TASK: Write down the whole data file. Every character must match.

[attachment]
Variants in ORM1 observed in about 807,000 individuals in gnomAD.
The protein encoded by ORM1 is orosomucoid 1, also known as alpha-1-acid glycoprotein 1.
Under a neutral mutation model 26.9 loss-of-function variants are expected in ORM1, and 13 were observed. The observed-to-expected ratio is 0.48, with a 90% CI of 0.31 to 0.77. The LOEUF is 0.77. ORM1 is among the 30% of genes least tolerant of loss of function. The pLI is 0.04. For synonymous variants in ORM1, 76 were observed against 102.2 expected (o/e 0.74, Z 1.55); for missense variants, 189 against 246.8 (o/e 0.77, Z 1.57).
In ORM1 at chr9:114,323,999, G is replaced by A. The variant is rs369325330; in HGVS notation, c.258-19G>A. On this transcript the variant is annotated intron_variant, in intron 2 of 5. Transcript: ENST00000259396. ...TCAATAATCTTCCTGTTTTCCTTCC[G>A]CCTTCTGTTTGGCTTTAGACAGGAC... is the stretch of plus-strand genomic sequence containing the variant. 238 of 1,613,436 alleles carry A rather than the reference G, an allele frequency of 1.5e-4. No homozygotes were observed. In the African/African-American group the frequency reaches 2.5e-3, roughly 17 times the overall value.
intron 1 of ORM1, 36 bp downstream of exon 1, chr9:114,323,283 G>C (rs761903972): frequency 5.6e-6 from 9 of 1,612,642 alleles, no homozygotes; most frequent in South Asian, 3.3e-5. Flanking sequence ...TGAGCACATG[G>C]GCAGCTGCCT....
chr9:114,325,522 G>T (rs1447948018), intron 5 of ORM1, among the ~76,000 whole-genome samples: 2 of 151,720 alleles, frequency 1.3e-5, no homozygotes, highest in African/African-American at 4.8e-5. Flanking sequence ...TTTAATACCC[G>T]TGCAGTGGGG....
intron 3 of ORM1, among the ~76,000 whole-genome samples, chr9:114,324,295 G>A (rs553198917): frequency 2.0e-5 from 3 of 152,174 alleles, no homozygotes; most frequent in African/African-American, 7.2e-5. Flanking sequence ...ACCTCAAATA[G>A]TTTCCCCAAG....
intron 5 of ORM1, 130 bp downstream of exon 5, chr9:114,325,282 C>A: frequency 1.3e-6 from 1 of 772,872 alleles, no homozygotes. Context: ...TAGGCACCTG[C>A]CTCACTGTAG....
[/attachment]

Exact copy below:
Variants in ORM1 observed in about 807,000 individuals in gnomAD.
The protein encoded by ORM1 is orosomucoid 1, also known as alpha-1-acid glycoprotein 1.
Under a neutral mutation model 26.9 loss-of-function variants are expected in ORM1, and 13 were observed. The observed-to-expected ratio is 0.48, with a 90% CI of 0.31 to 0.77. The LOEUF is 0.77. ORM1 is among the 30% of genes least tolerant of loss of function. The pLI is 0.04. For synonymous variants in ORM1, 76 were observed against 102.2 expected (o/e 0.74, Z 1.55); for missense variants, 189 against 246.8 (o/e 0.77, Z 1.57).
In ORM1 at chr9:114,323,999, G is replaced by A. The variant is rs369325330; in HGVS notation, c.258-19G>A. On this transcript the variant is annotated intron_variant, in intron 2 of 5. Transcript: ENST00000259396. ...TCAATAATCTTCCTGTTTTCCTTCC[G>A]CCTTCTGTTTGGCTTTAGACAGGAC... is the stretch of plus-strand genomic sequence containing the variant. 238 of 1,613,436 alleles carry A rather than the reference G, an allele frequency of 1.5e-4. No homozygotes were observed. In the African/African-American group the frequency reaches 2.5e-3, roughly 17 times the overall value.
intron 1 of ORM1, 36 bp downstream of exon 1, chr9:114,323,283 G>C (rs761903972): frequency 5.6e-6 from 9 of 1,612,642 alleles, no homozygotes; most frequent in South Asian, 3.3e-5. Flanking sequence ...TGAGCACATG[G>C]GCAGCTGCCT....
chr9:114,325,522 G>T (rs1447948018), intron 5 of ORM1, among the ~76,000 whole-genome samples: 2 of 151,720 alleles, frequency 1.3e-5, no homozygotes, highest in African/African-American at 4.8e-5. Flanking sequence ...TTTAATACCC[G>T]TGCAGTGGGG....
intron 3 of ORM1, among the ~76,000 whole-genome samples, chr9:114,324,295 G>A (rs553198917): frequency 2.0e-5 from 3 of 152,174 alleles, no homozygotes; most frequent in African/African-American, 7.2e-5. Flanking sequence ...ACCTCAAATA[G>A]TTTCCCCAAG....
intron 5 of ORM1, 130 bp downstream of exon 5, chr9:114,325,282 C>A: frequency 1.3e-6 from 1 of 772,872 alleles, no homozygotes. Context: ...TAGGCACCTG[C>A]CTCACTGTAG....